For nearly 50 years, Satao was one of the largest tusker elephants to roam Kenya. He’s called a “tusker” because his tusks nearly reached the ground and each one weighed in excess of 100 pounds. During his lifetime he managed to survive the threats of predators, fire, flood, drought and humans. However, on May 30, 2014, he couldn’t dodge a poisoned dart and was murdered for his ivory. His senseless death motivated our founder, Peter Balunek, to take action and become a voice for animals and to find a way to improve the lives of wildlife. Peter named the foundation in honor of Satao.
Our world’s wildlife faces three main threats. 1) The illegal wildlife trade, including poaching; 2) Loss of habitat; and 3) Human/animal conflict. The first two threats will take international leadership and cooperation to change. Human/animal conflict, on the other hand, is an area where concerned individuals can make a difference, and is the focus of our foundation.
The future of wildlife conservation starts with managing human/animal conflict and finding ways for both to co-exist in balance. Africa is the only place in the world where many threatened and endangered species can be found. These animals attract millions of visitors each year and are vital to the economy. However, many of the local residents around the wildlife areas see these animals as a nuisance for damaging their crops and killing their livestock. What if there were a way for the residents to have a vested interest in seeing the animals not only survive, but flourish?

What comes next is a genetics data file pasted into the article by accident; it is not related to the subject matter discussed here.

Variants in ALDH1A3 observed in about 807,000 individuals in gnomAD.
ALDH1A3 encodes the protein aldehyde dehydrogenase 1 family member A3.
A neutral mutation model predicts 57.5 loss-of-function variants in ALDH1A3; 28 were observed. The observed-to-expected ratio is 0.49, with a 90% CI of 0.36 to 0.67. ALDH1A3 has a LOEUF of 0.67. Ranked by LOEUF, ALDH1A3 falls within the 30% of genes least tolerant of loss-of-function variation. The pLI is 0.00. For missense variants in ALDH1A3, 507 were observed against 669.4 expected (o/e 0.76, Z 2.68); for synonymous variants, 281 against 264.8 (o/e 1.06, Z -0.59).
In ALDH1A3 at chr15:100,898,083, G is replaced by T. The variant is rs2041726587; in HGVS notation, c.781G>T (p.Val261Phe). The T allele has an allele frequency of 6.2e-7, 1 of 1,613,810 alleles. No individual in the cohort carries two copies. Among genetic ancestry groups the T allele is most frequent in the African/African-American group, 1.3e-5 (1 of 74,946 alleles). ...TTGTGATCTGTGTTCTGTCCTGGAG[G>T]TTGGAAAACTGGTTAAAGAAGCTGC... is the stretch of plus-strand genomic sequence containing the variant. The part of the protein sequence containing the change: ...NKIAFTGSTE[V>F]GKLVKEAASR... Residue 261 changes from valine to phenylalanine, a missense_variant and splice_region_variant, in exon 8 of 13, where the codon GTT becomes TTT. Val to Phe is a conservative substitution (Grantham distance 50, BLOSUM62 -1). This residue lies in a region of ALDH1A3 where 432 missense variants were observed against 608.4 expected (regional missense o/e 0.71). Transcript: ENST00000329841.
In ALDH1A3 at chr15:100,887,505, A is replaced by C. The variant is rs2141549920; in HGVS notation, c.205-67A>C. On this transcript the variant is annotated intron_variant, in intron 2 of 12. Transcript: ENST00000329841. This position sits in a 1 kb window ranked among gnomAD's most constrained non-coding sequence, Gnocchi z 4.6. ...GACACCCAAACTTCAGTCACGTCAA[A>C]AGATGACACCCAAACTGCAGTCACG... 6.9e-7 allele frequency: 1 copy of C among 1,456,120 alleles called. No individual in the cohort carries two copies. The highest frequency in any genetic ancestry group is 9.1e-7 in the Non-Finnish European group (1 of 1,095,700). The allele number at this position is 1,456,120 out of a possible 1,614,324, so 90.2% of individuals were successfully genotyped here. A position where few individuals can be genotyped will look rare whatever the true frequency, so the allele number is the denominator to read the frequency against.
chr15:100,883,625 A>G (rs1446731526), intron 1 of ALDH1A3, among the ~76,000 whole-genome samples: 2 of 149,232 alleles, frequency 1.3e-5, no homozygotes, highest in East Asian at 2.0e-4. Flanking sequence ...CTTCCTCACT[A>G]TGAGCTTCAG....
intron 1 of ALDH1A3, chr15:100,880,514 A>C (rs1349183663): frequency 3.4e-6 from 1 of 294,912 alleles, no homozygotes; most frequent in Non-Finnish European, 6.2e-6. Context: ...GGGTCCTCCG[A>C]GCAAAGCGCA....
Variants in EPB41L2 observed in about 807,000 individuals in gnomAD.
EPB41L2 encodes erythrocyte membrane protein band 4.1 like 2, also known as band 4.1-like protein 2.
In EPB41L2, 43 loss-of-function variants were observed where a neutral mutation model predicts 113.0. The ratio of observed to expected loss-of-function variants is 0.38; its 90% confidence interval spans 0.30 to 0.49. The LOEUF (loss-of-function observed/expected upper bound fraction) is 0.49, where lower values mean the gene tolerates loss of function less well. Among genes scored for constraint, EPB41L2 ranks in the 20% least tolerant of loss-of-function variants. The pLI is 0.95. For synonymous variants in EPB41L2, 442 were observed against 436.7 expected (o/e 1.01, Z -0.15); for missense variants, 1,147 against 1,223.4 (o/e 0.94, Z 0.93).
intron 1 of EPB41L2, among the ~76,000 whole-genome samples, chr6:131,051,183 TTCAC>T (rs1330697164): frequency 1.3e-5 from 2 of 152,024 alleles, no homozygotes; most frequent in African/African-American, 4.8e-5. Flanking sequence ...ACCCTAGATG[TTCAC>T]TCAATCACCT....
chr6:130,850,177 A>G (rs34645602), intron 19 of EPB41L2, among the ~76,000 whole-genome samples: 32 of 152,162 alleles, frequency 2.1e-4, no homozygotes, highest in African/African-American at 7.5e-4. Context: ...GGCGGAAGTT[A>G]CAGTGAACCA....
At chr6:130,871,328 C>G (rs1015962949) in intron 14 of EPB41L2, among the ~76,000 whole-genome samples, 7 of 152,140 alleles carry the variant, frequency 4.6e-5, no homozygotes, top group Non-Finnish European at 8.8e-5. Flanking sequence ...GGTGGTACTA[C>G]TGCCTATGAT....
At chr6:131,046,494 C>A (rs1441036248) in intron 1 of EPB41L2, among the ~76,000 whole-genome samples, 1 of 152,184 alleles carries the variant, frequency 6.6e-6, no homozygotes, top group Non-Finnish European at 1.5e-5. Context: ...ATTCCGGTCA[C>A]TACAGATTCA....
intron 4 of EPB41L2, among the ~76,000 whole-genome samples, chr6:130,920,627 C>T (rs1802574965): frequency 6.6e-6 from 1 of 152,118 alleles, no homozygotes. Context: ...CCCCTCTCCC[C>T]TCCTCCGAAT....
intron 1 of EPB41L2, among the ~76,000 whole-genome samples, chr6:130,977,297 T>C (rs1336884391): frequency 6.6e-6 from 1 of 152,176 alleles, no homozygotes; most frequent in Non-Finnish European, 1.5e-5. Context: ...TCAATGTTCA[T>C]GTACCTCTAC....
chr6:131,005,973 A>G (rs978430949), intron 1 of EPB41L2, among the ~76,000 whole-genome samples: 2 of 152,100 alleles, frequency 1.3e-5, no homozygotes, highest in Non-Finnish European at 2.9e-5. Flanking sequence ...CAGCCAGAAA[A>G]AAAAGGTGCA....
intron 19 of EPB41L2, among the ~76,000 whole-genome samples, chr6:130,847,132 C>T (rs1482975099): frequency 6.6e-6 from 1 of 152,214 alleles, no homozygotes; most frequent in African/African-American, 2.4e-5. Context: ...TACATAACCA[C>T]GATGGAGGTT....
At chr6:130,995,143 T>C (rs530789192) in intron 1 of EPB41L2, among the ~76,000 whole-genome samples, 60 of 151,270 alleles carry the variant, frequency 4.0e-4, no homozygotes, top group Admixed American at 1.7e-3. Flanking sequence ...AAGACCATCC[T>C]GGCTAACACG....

Community Conservation is leading the way in helping humans and animals co-exist. These efforts allow local residents to benefit from wildlife tourism, not only through tourism jobs, but also by helping the communities thrive. The Satao Wildlife Foundation looks for community projects where we can make an immediate impact in the community and where the residents recognize the benefits of wildlife tourism and know it’s because of the animals that their lives are improving.
After much research, it became clear to Peter that by improving the lives of the people, we can improve the lives of wildlife. There needs to be a win-win for people and wildlife.
The Satao Wildlife Foundation is a registered 501c3 public charity in the United States.